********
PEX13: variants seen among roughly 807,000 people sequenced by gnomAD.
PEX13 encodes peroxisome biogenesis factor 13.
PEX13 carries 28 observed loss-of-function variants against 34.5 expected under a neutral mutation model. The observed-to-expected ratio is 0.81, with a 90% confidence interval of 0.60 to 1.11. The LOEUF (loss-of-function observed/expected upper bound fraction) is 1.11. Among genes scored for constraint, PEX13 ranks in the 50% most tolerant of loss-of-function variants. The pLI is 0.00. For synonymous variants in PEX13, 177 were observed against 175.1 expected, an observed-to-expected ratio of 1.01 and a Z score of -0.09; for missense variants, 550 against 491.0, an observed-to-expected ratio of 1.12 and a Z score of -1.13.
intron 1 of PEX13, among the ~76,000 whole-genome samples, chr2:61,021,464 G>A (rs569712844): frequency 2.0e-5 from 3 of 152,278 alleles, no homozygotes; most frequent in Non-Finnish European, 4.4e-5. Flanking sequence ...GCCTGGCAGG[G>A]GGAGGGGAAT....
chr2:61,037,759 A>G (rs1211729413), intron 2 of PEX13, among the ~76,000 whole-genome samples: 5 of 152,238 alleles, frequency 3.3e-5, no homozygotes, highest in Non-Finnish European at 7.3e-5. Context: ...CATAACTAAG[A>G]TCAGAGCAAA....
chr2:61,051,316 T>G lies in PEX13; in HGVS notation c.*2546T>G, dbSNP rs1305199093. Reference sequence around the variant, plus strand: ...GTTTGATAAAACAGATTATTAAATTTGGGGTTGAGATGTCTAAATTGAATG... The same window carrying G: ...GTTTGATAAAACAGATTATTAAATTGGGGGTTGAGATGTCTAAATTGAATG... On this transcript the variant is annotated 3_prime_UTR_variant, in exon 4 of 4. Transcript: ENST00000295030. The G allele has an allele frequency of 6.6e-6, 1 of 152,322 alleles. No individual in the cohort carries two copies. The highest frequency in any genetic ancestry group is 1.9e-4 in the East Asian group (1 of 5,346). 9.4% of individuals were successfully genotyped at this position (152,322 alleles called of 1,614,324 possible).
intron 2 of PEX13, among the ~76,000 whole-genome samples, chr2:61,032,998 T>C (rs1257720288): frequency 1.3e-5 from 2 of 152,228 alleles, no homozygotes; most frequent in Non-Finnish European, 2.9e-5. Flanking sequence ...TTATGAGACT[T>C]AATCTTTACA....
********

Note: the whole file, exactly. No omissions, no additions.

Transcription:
PEX13: variants seen among roughly 807,000 people sequenced by gnomAD.
PEX13 encodes peroxisome biogenesis factor 13.
PEX13 carries 28 observed loss-of-function variants against 34.5 expected under a neutral mutation model. The observed-to-expected ratio is 0.81, with a 90% confidence interval of 0.60 to 1.11. The LOEUF (loss-of-function observed/expected upper bound fraction) is 1.11. Among genes scored for constraint, PEX13 ranks in the 50% most tolerant of loss-of-function variants. The pLI is 0.00. For synonymous variants in PEX13, 177 were observed against 175.1 expected, an observed-to-expected ratio of 1.01 and a Z score of -0.09; for missense variants, 550 against 491.0, an observed-to-expected ratio of 1.12 and a Z score of -1.13.
intron 1 of PEX13, among the ~76,000 whole-genome samples, chr2:61,021,464 G>A (rs569712844): frequency 2.0e-5 from 3 of 152,278 alleles, no homozygotes; most frequent in Non-Finnish European, 4.4e-5. Flanking sequence ...GCCTGGCAGG[G>A]GGAGGGGAAT....
chr2:61,037,759 A>G (rs1211729413), intron 2 of PEX13, among the ~76,000 whole-genome samples: 5 of 152,238 alleles, frequency 3.3e-5, no homozygotes, highest in Non-Finnish European at 7.3e-5. Context: ...CATAACTAAG[A>G]TCAGAGCAAA....
chr2:61,051,316 T>G lies in PEX13; in HGVS notation c.*2546T>G, dbSNP rs1305199093. Reference sequence around the variant, plus strand: ...GTTTGATAAAACAGATTATTAAATTTGGGGTTGAGATGTCTAAATTGAATG... The same window carrying G: ...GTTTGATAAAACAGATTATTAAATTGGGGGTTGAGATGTCTAAATTGAATG... On this transcript the variant is annotated 3_prime_UTR_variant, in exon 4 of 4. Transcript: ENST00000295030. The G allele has an allele frequency of 6.6e-6, 1 of 152,322 alleles. No individual in the cohort carries two copies. The highest frequency in any genetic ancestry group is 1.9e-4 in the East Asian group (1 of 5,346). 9.4% of individuals were successfully genotyped at this position (152,322 alleles called of 1,614,324 possible).
intron 2 of PEX13, among the ~76,000 whole-genome samples, chr2:61,032,998 T>C (rs1257720288): frequency 1.3e-5 from 2 of 152,228 alleles, no homozygotes; most frequent in Non-Finnish European, 2.9e-5. Flanking sequence ...TTATGAGACT[T>C]AATCTTTACA....